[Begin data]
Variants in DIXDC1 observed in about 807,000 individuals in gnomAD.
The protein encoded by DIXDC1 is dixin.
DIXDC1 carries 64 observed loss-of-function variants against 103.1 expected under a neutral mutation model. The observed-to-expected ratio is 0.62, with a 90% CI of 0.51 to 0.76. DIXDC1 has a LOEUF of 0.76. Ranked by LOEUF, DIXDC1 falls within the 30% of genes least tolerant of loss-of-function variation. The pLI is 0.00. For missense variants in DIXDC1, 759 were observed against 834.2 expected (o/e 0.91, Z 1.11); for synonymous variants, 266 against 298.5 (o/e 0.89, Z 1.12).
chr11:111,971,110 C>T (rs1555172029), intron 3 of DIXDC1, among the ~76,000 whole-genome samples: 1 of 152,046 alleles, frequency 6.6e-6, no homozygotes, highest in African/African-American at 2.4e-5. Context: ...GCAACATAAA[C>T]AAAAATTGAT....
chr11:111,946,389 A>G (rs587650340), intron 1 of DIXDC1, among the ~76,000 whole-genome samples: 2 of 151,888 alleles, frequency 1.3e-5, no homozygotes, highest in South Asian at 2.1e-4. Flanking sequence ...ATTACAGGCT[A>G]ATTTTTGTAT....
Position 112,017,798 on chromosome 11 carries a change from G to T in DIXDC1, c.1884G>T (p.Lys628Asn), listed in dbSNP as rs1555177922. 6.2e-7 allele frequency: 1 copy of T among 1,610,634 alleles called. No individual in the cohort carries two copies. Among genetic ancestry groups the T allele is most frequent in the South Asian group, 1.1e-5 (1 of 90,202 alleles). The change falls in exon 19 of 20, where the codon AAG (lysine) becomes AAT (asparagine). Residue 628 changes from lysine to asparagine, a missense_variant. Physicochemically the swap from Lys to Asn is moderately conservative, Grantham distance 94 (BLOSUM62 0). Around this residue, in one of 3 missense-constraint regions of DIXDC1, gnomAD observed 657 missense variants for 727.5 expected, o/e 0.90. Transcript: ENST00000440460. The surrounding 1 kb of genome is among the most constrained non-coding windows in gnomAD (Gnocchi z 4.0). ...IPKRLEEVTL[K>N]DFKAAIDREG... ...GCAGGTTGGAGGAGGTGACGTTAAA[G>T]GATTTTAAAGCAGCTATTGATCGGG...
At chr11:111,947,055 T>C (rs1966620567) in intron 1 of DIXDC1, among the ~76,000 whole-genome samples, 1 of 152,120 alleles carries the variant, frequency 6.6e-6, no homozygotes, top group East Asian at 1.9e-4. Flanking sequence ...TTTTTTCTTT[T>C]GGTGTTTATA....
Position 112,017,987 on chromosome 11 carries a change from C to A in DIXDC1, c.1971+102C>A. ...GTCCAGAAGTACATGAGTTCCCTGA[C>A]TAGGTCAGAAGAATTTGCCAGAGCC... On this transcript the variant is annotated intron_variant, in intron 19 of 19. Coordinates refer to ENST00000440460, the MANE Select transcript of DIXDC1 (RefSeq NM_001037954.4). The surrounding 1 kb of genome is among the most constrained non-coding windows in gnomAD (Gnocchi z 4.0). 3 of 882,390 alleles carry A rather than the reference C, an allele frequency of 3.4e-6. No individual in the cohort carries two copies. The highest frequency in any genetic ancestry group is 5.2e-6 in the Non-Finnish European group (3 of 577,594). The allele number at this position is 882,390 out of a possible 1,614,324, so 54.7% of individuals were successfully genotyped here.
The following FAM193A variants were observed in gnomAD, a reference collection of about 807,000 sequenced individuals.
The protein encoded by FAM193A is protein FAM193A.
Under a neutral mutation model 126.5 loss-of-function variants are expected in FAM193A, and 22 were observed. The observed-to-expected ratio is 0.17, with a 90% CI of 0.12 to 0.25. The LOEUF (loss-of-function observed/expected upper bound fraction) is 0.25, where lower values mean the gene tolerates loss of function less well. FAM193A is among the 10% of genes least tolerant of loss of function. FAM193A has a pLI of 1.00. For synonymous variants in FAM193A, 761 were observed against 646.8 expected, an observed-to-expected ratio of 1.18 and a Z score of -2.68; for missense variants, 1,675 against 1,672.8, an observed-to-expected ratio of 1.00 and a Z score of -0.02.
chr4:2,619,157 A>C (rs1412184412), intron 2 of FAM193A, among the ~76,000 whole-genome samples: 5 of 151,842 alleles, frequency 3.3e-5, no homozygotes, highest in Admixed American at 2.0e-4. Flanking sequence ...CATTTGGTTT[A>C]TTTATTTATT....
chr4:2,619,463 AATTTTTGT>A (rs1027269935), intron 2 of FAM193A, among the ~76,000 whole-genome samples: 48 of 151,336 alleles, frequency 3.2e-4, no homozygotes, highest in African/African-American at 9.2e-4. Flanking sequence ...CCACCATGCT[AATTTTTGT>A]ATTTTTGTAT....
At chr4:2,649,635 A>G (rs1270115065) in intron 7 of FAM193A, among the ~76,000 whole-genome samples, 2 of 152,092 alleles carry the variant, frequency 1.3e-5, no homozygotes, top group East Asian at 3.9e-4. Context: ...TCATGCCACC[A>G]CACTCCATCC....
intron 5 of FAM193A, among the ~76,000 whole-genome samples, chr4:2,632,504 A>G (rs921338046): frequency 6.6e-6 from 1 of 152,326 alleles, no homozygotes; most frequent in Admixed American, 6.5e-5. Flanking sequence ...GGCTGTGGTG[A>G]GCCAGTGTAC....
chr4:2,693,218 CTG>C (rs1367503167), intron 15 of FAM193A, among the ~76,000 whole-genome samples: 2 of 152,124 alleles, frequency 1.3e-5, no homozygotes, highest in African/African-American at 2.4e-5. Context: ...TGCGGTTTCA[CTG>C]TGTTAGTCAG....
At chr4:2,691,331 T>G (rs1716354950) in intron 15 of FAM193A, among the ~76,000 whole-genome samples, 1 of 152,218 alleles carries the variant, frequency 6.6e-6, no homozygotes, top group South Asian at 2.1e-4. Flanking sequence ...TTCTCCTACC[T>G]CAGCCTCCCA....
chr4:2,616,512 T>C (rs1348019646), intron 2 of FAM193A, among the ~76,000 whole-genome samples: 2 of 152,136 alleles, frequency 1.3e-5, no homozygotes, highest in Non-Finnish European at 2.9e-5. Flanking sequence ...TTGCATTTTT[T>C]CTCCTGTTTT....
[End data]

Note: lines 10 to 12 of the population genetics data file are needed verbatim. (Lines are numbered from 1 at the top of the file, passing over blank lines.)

The protein encoded by FAM193A is protein FAM193A.
Under a neutral mutation model 126.5 loss-of-function variants are expected in FAM193A, and 22 were observed. The observed-to-expected ratio is 0.17, with a 90% CI of 0.12 to 0.25. The LOEUF (loss-of-function observed/expected upper bound fraction) is 0.25, where lower values mean the gene tolerates loss of function less well. FAM193A is among the 10% of genes least tolerant of loss of function. FAM193A has a pLI of 1.00. For synonymous variants in FAM193A, 761 were observed against 646.8 expected, an observed-to-expected ratio of 1.18 and a Z score of -2.68; for missense variants, 1,675 against 1,672.8, an observed-to-expected ratio of 1.00 and a Z score of -0.02.
chr4:2,619,157 A>C (rs1412184412), intron 2 of FAM193A, among the ~76,000 whole-genome samples: 5 of 151,842 alleles, frequency 3.3e-5, no homozygotes, highest in Admixed American at 2.0e-4. Flanking sequence ...CATTTGGTTT[A>C]TTTATTTATT....